Don’t limit yourself. If someone else can do it, you can do it, too.
Don’t get comfortable. If doing well is easy, it’s time to challenge yourself.
Over the years, these two principles have guided Columbia University PhD student Adji Dieng in her career in AI and machine learning. Dieng, who was a Microsoft Research intern in 2016 and 2017, shared this advice and described her journey from Senegal to Columbia University on a Dean’s Fellowship during a recent panel on women in AI at Deep Learning Indaba 2019. She was joined on stage by Kathleen Siminyu, co-founder of Nairobi Women in Machine Learning & Data Science; Tempest van Schaik, an entrepreneur and healthcare ML engineer in Microsoft; and Grace Mutung’u of Kenya ICT Action Network. They’re amazing women doing great work in machine learning and AI—and we need more of them in the field. The problem in AI is not a shortage of talent, but a shortage of representation.
As the Grace Hopper Celebration, an event that brings together women in tech, gets underway this week, I’m proud to share some of our recent activities in diversity and inclusion in AI and ML. I had the pleasure of participating in the Indaba African Women in AI Evening panel, as well as on a panel about inclusivity in the workplace at the fourth Conference of Research Software Engineering (RSE), with several colleagues. Like Deep Learning Indaba, the RSE conference has made encouraging and supporting diversity a large part of its mission.
Women in AI
Deep Learning Indaba, held this year in Nairobi, Kenya, aims to empower Africans to take the lead in advancing the use of machine learning and AI to solve real-world problems. In its third year, the conference was bigger than ever with around 700 attendees representing universities, companies, and nonprofits from across the continent. It was particularly exciting, as this year, Microsoft opened its first engineering development centers in Africa, one in Lagos, Nigeria, and another in Nairobi.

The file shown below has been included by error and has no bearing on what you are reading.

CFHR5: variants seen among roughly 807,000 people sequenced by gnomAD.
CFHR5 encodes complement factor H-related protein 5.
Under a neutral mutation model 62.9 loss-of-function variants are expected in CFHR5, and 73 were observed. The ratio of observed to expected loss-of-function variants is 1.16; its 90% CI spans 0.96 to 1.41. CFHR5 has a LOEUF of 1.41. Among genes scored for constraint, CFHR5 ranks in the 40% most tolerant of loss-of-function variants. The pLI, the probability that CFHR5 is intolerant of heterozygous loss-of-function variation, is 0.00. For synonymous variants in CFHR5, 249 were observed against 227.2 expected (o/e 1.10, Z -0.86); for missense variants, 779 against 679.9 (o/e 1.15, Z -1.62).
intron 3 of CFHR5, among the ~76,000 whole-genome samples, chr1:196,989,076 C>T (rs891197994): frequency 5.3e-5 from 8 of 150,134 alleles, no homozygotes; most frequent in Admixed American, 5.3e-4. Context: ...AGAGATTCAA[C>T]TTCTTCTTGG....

Microsoft Principal Researcher Danielle Belgrave has been on the Indaba’s advisory board since the beginning, and Microsoft participation in the Indaba has been steadily increasing.
Tempest van Schaik, who has been a driving force for Microsoft participation in the Indaba, said, “As a South African and a woman in AI, I’m extremely proud that Microsoft has been part of the Indaba from the beginning. After a packed house last year, I was excited that we could again host the women in AI event. I wanted to put together a panel to show female attendees the opportunities available in the field and connect them with other women pursuing similar career paths.”
During the panel, Dieng, Siminyu, van Schaik, Mutung’u, and I discussed how our journeys were motivated by different things: curiosity, rebellion (when told we couldn’t or shouldn’t do something), a drive to overcome challenges, and a desire to continuously grow.
We discussed professional development and how important and incredibly technical glue work—leadership, strategic planning, and other skills necessary to keep a team moving forward—can go unrecognized, as performance metrics in organizations may not always reward such efforts. This resonated with many in the audience.
Siminyu, a member of the Deep Learning Indaba leadership, shared how she automated the work she didn’t want to do. All panelists mentioned having a crucial mentor or supporter. I discussed my mantra: Don’t let your environment drive your career, but instead, define your environment by your career. Van Schaik encouraged everyone to believe in themselves and go after opportunity. “You’ll never land your dream job or school place if you don’t apply for it,” she said. She also described how adaptability, creativity, and resilience rather than top grades enable you to carve your own career path. Mutung’u highlighted the importance of technologists helping to shape policies.
Our panel was very open, honest, and moving at times, especially when we discussed the unique social pressures that only women in developing countries face. The discussion helped break barriers and open people’s minds to the challenges underrepresented groups face.
-Power your curiosity
-Grow and go beyond stereotype
-Get a mentor
-Don’t let the environment drive your career
-Go outside the comfort zone#IndabaWiAI #DLIndaba2019 #SautiYetu pic.twitter.com/EYNz37w7MC
— DataScienceNigeria (@DataScienceNIG) August 27, 2019